Exemplary Digital Data Processing Apparatus
As mentioned above, processing entities such as the backup manager 101 and storage manager 104 may be implemented in various forms. One example is a digital data processing apparatus, as exemplified by the hardware components and interconnections of the digital data processing apparatus 300 of FIG. 3.
The apparatus 300 includes a processor 302, such as a microprocessor, personal computer, workstation, or other processing machine, coupled to a storage 304. In the present example, the storage 304 includes a fast-access storage 306, as well as nonvolatile storage 308. The fast-access storage 306 may comprise random access memory (RAM), and may be used to store the programming instructions executed by the processor 302. The nonvolatile storage 308 may comprise, for example, battery backup RAM, EEPROM, one or more magnetic data storage disks such as a “hard drive,” a tape drive, or any other suitable storage device. The apparatus 300 also includes an input/output 310, such as a line, bus, cable, electromagnetic link, or other means for the processor 302 to exchange data with other hardware external to the apparatus 300.
Despite the specific foregoing description, ordinarily skilled artisans (having the benefit of this disclosure) will recognize that the apparatus discussed above may be implemented in a machine of different construction, without departing from the scope of the invention. As a specific example, one of the components 306, 308 may be eliminated; furthermore, the storage 304, 306, and/or 308 may be provided on-board the processor 302, or even provided externally to the apparatus 300.
In contrast to the digital data processing apparatus discussed above, a different embodiment of the invention uses logic circuitry instead of computer-executed instructions to implement processing entities such as the backup manager 101 and the storage manager 104. Depending upon the particular requirements of the application in the areas of speed, expense, tooling costs, and the like, this logic may be implemented by constructing an application-specific integrated circuit (ASIC) having thousands of tiny integrated transistors. Such an ASIC may be implemented with CMOS, TTL, VLSI, or another suitable construction. Other alternatives include a digital signal processing chip (DSP), discrete circuitry (such as resistors, capacitors, diodes, inductors, and transistors), field programmable gate array (FPGA), programmable logic array (PLA), and the like.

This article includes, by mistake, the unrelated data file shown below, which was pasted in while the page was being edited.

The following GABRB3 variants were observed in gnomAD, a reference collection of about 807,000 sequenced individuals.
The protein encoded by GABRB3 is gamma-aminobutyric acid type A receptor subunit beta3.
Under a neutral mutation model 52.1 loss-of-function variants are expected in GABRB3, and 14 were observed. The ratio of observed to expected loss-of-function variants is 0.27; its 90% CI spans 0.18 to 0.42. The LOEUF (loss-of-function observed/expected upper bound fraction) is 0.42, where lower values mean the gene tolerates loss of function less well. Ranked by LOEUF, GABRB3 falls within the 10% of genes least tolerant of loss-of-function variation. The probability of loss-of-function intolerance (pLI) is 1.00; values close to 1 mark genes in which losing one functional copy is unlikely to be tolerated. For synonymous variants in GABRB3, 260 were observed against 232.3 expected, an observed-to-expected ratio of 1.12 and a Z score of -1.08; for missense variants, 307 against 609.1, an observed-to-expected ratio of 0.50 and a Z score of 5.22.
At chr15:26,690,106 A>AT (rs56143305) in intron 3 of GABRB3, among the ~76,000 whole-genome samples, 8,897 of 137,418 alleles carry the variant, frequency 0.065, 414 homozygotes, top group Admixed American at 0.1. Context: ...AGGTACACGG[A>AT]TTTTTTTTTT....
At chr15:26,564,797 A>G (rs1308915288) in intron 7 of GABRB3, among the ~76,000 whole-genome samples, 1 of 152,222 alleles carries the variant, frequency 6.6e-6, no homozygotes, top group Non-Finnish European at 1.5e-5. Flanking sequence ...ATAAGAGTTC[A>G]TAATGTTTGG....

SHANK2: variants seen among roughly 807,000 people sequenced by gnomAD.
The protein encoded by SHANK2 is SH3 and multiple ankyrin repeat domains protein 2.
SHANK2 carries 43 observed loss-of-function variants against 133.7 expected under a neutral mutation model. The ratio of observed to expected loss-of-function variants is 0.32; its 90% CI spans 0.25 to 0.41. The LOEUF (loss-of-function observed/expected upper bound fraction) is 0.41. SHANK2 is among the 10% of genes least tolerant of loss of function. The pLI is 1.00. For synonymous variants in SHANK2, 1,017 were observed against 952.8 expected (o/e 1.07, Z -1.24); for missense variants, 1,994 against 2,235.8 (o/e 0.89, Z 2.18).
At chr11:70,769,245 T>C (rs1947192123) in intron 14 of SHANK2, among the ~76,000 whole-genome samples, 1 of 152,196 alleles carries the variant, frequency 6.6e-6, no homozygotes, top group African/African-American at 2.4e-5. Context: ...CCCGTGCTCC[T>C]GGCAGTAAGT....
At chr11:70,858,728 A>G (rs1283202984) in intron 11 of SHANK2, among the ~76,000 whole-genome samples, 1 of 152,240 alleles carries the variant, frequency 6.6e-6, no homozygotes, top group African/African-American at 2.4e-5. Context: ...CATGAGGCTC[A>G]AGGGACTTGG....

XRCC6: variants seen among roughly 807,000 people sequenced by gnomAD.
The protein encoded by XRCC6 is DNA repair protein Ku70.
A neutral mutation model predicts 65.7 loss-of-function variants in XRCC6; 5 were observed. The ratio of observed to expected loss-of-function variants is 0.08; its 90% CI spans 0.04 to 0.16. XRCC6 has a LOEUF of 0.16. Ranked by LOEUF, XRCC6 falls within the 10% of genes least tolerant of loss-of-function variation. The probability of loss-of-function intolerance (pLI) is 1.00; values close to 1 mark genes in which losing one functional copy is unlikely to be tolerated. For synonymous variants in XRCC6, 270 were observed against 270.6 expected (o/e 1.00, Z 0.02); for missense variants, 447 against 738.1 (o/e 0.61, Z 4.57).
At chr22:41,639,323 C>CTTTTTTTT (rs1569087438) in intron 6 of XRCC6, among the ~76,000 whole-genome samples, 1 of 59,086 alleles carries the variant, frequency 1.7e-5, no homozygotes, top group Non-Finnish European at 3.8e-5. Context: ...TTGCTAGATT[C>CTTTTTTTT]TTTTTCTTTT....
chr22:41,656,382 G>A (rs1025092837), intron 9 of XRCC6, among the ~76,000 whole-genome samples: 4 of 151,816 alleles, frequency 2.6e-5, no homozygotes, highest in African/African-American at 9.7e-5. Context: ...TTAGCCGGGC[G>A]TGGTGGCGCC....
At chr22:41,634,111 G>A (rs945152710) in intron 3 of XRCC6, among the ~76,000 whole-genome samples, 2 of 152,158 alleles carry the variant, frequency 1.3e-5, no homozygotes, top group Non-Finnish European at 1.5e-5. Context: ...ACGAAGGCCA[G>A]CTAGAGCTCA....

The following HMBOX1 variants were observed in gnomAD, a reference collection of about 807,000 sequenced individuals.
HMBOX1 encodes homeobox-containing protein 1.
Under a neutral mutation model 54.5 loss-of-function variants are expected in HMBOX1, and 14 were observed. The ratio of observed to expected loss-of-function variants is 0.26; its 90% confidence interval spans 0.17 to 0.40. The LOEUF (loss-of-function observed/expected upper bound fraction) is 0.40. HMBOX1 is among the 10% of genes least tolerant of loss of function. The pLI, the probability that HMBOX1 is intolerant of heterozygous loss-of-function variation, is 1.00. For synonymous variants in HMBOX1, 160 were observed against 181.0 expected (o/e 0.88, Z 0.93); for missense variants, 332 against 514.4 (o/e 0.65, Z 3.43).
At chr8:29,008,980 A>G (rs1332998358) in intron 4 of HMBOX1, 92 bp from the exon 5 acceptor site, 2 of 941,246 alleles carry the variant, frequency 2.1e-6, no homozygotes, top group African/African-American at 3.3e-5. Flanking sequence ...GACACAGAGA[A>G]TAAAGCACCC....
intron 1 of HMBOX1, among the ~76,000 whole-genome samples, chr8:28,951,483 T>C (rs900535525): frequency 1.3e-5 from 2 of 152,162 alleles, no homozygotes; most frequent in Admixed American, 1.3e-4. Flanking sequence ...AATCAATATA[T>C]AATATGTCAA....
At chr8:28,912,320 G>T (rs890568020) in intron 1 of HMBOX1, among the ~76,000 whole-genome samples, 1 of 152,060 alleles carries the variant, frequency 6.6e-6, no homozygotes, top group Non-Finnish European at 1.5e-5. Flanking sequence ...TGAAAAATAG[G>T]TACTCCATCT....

Having described the structural features of the present invention, the operational aspect of the present invention will now be described. As mentioned above, the operational aspect of the invention generally involves a copy method. While write operations to source data are suspended, this process conducts an instant virtual copy and also captures contents of a source dataset inventory. Later, the captured contents are used to create and/or update an analogous inventory for backup datasets.
Wherever the functionality of the invention is implemented using a machine-executed program sequence, such a sequence may be embodied in various forms of signal-bearing media. In the context of FIG. 3, this signal-bearing media may comprise, for example, the storage 304 or another signal-bearing media, such as a magnetic data storage diskette 400 (FIG. 4), directly or indirectly accessible by a processor 302. Whether contained in the storage 306, diskette 400, or elsewhere, the instructions may be stored on a variety of machine-readable data storage media. Some examples include direct access storage (e.g., a conventional “hard drive,” redundant array of inexpensive disks (RAID), or another DASD), serial-access storage such as magnetic or optical tape, electronic non-volatile memory (e.g., ROM, EPROM, or EEPROM), battery backup RAM, optical storage (e.g., CD-ROM, WORM, DVD, digital optical tape), paper “punch” cards, or other suitable signal-bearing media including analog or digital transmission media and analog and communication links and wireless communications. In an illustrative embodiment of the invention, the machine-readable instructions may comprise software object code, compiled from a language such as assembly language, C, etc.
In contrast to the signal-bearing medium discussed above, some or all of the invention's functionality may be implemented using logic circuitry, instead of using a processor to execute instructions. Such logic circuitry is therefore configured to perform operations to carry out the method of the invention. The logic circuitry may be implemented using many different types of circuitry, as discussed above.
Overall Sequence of Operation